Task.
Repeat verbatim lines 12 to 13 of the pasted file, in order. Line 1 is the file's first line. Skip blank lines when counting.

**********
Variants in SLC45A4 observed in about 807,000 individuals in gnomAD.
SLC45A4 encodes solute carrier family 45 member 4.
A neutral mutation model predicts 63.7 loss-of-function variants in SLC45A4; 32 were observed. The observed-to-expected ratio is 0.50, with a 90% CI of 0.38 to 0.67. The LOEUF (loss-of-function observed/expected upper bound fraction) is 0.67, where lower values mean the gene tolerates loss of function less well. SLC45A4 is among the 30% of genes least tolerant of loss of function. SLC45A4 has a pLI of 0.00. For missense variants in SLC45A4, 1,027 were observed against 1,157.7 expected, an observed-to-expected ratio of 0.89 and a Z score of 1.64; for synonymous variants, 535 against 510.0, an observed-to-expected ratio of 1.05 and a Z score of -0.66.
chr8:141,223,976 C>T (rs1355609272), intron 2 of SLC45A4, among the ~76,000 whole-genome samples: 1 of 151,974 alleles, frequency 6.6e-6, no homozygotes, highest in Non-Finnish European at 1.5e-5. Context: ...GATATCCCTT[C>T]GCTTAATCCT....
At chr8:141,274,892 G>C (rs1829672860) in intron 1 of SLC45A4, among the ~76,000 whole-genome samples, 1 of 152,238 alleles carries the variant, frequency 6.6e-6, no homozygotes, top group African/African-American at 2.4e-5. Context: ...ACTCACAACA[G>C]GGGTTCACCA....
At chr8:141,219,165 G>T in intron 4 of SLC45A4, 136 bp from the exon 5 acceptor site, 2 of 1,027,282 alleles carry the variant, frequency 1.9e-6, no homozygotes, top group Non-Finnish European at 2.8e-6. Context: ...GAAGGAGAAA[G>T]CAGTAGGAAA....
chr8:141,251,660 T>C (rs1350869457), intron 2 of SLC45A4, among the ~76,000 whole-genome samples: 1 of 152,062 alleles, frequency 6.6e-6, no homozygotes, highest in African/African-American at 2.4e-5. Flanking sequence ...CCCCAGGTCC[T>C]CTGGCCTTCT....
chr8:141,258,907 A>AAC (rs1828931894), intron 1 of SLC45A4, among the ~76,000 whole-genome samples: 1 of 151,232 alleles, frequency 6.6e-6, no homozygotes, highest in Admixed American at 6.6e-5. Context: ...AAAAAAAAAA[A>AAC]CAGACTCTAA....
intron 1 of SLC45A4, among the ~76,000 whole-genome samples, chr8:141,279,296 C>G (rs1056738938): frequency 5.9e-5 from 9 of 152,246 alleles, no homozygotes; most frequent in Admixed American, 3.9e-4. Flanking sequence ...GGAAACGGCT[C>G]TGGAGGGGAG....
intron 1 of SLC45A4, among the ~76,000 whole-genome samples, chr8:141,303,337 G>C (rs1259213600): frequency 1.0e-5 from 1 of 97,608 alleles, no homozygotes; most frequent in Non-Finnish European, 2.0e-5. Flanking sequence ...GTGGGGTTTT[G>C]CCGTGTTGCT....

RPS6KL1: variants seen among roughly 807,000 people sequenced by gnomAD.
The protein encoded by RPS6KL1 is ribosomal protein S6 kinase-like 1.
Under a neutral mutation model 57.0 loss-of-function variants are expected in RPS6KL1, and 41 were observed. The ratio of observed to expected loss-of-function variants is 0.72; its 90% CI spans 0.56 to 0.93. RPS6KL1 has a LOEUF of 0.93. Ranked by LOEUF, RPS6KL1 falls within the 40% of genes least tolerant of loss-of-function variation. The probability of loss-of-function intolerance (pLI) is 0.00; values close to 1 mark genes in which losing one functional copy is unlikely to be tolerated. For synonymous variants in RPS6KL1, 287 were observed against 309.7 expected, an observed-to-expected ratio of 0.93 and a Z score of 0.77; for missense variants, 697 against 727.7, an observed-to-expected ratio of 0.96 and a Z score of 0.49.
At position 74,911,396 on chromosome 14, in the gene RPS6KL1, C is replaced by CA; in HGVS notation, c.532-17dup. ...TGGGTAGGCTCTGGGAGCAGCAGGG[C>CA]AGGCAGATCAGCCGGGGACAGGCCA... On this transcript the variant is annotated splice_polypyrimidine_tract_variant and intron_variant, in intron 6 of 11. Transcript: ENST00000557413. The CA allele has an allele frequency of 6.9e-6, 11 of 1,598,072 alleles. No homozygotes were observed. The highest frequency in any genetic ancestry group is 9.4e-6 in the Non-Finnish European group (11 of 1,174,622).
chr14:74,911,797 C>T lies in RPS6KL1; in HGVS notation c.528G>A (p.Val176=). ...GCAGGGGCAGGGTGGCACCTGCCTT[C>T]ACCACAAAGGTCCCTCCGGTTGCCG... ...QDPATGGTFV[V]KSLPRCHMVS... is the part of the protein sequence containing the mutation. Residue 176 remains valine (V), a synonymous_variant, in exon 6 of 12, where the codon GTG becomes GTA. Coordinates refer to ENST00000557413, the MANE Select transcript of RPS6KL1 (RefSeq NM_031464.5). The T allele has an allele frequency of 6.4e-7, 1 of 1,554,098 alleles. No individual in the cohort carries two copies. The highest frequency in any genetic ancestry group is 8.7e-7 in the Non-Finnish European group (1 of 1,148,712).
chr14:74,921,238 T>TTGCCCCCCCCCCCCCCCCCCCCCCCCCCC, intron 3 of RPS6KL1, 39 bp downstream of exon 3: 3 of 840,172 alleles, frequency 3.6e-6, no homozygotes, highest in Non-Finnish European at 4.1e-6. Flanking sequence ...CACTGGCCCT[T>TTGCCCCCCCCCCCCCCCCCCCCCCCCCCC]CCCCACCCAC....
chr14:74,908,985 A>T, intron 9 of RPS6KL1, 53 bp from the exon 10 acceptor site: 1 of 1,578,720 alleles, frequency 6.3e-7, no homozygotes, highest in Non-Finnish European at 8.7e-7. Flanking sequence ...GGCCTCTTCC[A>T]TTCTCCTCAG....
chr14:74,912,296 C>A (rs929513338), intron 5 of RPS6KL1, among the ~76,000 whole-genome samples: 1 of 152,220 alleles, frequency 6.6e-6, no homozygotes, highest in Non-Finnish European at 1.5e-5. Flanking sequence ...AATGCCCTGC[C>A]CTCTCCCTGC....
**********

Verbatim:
The protein encoded by RPS6KL1 is ribosomal protein S6 kinase-like 1.
Under a neutral mutation model 57.0 loss-of-function variants are expected in RPS6KL1, and 41 were observed. The ratio of observed to expected loss-of-function variants is 0.72; its 90% CI spans 0.56 to 0.93. RPS6KL1 has a LOEUF of 0.93. Ranked by LOEUF, RPS6KL1 falls within the 40% of genes least tolerant of loss-of-function variation. The probability of loss-of-function intolerance (pLI) is 0.00; values close to 1 mark genes in which losing one functional copy is unlikely to be tolerated. For synonymous variants in RPS6KL1, 287 were observed against 309.7 expected, an observed-to-expected ratio of 0.93 and a Z score of 0.77; for missense variants, 697 against 727.7, an observed-to-expected ratio of 0.96 and a Z score of 0.49.